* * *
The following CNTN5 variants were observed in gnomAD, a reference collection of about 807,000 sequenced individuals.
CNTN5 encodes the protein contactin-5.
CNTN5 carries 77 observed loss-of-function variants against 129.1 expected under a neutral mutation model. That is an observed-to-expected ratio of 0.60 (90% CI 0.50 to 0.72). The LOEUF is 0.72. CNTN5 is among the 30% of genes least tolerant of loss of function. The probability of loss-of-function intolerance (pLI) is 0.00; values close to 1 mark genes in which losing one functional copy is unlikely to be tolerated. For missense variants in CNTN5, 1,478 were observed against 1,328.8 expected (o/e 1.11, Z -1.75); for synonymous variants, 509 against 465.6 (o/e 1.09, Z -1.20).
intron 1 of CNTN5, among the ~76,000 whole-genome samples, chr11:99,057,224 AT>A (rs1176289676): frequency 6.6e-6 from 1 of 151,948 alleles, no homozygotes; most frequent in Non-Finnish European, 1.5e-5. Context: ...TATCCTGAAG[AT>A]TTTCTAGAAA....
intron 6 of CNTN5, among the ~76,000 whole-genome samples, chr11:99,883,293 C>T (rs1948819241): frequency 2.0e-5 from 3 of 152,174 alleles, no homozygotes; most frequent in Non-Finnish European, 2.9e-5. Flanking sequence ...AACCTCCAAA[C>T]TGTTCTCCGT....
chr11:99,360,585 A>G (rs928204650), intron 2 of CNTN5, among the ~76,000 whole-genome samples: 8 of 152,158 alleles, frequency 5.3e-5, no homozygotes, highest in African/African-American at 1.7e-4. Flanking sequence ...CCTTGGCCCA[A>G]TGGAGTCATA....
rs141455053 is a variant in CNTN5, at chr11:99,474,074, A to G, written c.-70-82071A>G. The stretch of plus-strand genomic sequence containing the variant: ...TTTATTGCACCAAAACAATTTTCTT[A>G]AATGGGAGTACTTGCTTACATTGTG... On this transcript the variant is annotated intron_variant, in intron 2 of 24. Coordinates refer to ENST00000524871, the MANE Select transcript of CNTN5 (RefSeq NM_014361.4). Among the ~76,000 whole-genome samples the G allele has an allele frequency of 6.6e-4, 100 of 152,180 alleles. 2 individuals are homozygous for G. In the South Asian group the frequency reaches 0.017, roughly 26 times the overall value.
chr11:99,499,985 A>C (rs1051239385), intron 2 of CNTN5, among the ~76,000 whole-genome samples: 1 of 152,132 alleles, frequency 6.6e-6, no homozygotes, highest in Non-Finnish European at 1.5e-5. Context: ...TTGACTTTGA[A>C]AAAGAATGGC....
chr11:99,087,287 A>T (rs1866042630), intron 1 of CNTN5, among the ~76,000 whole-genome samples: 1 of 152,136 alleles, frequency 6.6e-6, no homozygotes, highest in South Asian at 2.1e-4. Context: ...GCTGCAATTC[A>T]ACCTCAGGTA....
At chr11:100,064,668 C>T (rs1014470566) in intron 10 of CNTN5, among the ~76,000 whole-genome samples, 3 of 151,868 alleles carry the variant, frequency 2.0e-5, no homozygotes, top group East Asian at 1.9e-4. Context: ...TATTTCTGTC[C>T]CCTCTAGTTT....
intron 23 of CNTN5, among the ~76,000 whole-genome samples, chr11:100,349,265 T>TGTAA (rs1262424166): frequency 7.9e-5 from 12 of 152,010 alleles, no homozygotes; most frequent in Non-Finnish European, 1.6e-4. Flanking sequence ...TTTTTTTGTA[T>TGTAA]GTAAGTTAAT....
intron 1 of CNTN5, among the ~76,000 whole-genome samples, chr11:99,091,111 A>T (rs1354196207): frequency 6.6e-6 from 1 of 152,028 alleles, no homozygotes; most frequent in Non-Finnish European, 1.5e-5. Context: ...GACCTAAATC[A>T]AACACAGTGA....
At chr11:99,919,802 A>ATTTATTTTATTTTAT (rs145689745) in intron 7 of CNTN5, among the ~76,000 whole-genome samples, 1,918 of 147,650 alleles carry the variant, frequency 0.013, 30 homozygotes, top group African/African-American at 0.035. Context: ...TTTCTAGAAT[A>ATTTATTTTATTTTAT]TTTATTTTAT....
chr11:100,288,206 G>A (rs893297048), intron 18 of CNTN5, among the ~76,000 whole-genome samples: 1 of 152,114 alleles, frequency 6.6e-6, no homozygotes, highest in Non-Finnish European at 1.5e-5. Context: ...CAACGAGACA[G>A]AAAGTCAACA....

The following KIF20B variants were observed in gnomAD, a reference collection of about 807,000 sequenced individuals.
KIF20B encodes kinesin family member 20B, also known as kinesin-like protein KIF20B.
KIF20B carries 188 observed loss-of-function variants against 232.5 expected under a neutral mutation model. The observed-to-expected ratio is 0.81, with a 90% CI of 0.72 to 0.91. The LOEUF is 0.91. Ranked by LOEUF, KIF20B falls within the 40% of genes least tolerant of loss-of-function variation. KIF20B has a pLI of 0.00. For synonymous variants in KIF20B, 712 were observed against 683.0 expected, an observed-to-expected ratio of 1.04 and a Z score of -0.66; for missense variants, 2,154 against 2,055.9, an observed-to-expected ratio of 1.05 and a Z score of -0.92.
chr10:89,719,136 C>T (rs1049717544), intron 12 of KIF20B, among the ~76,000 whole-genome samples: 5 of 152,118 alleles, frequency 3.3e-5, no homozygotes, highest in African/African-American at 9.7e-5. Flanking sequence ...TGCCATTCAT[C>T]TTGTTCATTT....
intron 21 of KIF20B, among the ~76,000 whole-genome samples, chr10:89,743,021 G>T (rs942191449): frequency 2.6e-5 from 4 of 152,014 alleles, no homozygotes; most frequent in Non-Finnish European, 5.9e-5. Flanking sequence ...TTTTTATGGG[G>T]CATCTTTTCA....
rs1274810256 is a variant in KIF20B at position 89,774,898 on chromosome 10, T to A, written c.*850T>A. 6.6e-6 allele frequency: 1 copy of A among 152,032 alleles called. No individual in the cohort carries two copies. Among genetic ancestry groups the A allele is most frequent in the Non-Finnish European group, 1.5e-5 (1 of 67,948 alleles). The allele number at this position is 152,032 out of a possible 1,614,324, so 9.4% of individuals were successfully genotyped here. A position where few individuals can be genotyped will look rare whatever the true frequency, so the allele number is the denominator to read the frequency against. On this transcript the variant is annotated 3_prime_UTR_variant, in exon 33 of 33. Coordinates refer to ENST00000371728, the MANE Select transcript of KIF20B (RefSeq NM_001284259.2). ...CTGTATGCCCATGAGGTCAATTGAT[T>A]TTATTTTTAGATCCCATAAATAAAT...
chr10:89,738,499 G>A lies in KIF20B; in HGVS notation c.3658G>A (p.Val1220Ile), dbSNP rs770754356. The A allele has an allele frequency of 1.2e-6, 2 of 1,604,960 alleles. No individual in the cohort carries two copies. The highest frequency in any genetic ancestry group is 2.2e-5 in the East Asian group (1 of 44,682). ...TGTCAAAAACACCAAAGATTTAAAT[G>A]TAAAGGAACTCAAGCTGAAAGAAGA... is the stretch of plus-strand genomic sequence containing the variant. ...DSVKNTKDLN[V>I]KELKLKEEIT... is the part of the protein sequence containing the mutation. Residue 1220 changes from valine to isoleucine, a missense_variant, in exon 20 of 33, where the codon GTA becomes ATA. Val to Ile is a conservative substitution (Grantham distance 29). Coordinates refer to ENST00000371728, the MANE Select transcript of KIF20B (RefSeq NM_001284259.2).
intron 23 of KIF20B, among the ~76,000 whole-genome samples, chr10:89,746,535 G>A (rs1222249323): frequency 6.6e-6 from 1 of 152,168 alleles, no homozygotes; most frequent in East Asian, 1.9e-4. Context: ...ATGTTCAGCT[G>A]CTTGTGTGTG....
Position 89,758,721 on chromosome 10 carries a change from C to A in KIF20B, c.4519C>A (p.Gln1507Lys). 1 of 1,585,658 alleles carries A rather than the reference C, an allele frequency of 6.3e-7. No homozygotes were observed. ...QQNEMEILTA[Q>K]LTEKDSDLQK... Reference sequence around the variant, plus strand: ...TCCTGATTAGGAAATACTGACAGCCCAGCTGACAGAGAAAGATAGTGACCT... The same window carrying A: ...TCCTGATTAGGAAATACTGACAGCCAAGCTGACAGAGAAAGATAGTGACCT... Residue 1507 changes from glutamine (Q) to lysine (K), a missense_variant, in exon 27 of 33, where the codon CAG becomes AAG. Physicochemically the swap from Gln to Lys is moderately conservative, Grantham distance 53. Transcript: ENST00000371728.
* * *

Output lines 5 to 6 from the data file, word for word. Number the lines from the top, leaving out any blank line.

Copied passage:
intron 6 of CNTN5, among the ~76,000 whole-genome samples, chr11:99,883,293 C>T (rs1948819241): frequency 2.0e-5 from 3 of 152,174 alleles, no homozygotes; most frequent in Non-Finnish European, 2.9e-5. Flanking sequence ...AACCTCCAAA[C>T]TGTTCTCCGT....
chr11:99,360,585 A>G (rs928204650), intron 2 of CNTN5, among the ~76,000 whole-genome samples: 8 of 152,158 alleles, frequency 5.3e-5, no homozygotes, highest in African/African-American at 1.7e-4. Flanking sequence ...CCTTGGCCCA[A>G]TGGAGTCATA....